I just don't know which direction to run. Frankly, I'm scared as hell. I've read where a Gleason score of 9 is in all likelihood an indication that the cancer is outside the capsule, and the pro surgery and con surgery opinions, as well as the radiation and hormone therapy treatments, and it is all very difficult to put it together.

I'm trying to wrap my mind around all of this and it's tough..

Samsungtech1
Posts: 350
Joined: Jan 2011

Hi Dwhite,
You need to get your results back to make an informed decision. The two things everyone stresses here is diet and exercise. With your stomach that could cause some unique variations, but they are essential. If you haven't done so scroll through here and check out posts similar to yours. Check out the replies. There are a bunch of us with metastic prostate cancer, and a bunch more who had similar symptoms and got a respite from one treatment or another. Although most of us love our Onc's they are not perfect. They make mistakes. It is up to you to monitor your own health and speak up if something does not feel right.

More info equals better answers. Hard to relax, but it is what it is and relaxed is better for you than tense. Yoga is good. If you can't do the positions you can do the breathing exercises. It is like meditation.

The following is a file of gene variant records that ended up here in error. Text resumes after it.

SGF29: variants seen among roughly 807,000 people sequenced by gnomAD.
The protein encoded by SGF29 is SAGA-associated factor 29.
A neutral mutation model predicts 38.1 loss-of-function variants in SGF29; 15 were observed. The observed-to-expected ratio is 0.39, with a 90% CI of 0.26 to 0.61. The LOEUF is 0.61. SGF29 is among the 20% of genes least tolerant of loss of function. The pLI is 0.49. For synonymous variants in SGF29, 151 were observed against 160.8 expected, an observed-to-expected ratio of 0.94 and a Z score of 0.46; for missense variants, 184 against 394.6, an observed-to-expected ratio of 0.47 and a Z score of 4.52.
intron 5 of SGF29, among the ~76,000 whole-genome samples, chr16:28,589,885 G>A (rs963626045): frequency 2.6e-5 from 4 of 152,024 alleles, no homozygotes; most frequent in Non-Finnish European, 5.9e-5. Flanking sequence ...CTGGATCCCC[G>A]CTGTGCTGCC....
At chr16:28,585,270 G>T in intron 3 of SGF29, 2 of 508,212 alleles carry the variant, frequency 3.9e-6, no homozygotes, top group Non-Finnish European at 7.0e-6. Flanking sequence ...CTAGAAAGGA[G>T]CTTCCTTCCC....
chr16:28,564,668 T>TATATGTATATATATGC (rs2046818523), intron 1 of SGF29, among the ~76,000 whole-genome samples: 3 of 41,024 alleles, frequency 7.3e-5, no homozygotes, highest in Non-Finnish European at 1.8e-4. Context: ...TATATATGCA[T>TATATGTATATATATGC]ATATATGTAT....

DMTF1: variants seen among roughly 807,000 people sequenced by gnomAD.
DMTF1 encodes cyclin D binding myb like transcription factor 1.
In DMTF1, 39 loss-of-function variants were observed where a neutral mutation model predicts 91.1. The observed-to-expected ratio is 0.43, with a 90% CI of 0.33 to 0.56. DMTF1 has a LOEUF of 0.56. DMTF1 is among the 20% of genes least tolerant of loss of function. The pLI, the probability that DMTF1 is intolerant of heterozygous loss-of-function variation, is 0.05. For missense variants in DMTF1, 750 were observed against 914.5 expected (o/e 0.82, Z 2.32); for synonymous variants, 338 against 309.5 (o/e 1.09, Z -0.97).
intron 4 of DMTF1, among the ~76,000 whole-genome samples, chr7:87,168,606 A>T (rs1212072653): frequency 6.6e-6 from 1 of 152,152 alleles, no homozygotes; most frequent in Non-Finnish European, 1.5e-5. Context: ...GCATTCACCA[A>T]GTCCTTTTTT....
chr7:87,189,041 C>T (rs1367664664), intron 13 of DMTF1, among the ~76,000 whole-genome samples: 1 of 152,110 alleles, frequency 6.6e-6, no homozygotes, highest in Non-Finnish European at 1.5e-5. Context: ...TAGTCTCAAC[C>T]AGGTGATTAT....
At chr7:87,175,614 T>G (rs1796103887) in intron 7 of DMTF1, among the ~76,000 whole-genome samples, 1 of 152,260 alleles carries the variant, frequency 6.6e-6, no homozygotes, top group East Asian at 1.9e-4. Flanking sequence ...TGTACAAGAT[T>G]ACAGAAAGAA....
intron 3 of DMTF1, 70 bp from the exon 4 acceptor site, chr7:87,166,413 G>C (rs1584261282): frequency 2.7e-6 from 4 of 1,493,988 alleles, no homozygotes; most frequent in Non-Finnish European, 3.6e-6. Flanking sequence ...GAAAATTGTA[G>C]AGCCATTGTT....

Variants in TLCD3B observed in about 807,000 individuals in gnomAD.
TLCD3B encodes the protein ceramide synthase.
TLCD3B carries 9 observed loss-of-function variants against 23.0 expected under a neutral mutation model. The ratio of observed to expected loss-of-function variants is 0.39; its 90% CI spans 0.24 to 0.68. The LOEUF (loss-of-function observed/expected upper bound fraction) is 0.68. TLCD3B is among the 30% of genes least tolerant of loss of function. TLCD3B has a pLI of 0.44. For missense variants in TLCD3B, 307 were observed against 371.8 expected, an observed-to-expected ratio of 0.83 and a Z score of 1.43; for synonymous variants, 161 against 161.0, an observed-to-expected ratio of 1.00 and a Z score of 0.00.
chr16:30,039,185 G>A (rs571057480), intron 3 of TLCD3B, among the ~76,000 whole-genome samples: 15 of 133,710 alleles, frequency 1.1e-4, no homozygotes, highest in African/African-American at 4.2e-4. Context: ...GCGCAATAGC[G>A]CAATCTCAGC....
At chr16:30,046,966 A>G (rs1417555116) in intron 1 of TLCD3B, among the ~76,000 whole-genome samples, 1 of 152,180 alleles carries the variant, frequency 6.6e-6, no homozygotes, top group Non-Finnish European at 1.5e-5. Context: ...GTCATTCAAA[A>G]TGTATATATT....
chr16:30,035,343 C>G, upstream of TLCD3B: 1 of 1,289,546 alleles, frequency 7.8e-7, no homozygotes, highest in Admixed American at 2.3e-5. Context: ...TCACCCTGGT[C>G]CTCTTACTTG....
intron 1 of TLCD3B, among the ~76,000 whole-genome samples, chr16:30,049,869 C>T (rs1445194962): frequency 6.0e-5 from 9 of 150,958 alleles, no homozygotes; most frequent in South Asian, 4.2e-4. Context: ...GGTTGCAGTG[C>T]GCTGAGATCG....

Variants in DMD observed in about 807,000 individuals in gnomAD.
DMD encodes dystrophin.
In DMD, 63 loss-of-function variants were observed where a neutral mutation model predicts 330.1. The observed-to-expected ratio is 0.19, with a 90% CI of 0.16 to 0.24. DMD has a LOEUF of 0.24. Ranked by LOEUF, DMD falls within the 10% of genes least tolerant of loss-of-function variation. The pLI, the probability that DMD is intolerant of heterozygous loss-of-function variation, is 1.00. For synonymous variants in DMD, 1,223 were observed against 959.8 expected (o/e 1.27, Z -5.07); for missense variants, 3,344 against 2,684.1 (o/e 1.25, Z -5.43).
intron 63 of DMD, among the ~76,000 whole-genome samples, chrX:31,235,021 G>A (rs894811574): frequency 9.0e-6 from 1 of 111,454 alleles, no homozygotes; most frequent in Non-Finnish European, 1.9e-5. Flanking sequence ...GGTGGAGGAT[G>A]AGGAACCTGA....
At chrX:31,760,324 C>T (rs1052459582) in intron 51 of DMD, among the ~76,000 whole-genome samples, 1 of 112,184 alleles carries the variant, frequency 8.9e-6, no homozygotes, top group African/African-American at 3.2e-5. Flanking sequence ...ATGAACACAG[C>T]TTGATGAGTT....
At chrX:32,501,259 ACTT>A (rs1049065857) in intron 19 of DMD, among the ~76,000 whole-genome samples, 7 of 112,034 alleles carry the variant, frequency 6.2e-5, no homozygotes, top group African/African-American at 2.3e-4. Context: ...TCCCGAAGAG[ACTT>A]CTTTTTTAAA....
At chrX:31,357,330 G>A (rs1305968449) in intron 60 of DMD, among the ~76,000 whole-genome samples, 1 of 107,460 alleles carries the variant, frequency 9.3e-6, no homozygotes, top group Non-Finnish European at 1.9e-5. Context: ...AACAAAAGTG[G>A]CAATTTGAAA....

Good luck,

Mike

laserlight's picture
laserlight
Posts: 165
Joined: May 2012

Dwhite.

There are many things going on right now. The information comming at you is an overload.
The high gleason score is a concern. The doctor sounds like he is level headed. You need to find out the results of the bone scan and the CT scan, this will for the most part set the path for treatment. For the most part if the cancer has spread, surgery may not be performed. I know what it feels like to wait on results. Just take a step back and wait to hear from the doctor. It is good that he described all of the treatment options, this helps. Waiting to hear works on any body's mind. It is going to take time to put all of this toghter. I went thru this myself and it is lot to deal with. After my initial visit with the urologist I had a 3 week time frame of waiting, during this time He came back and wanted to do a biopsy. It took about 3 to 4 weeks before a biopsy could be performed, then the waiting for results. Hang in there, Start to research all of the treatment methods. The more informed you have the better off you are. Again sorry to hear about this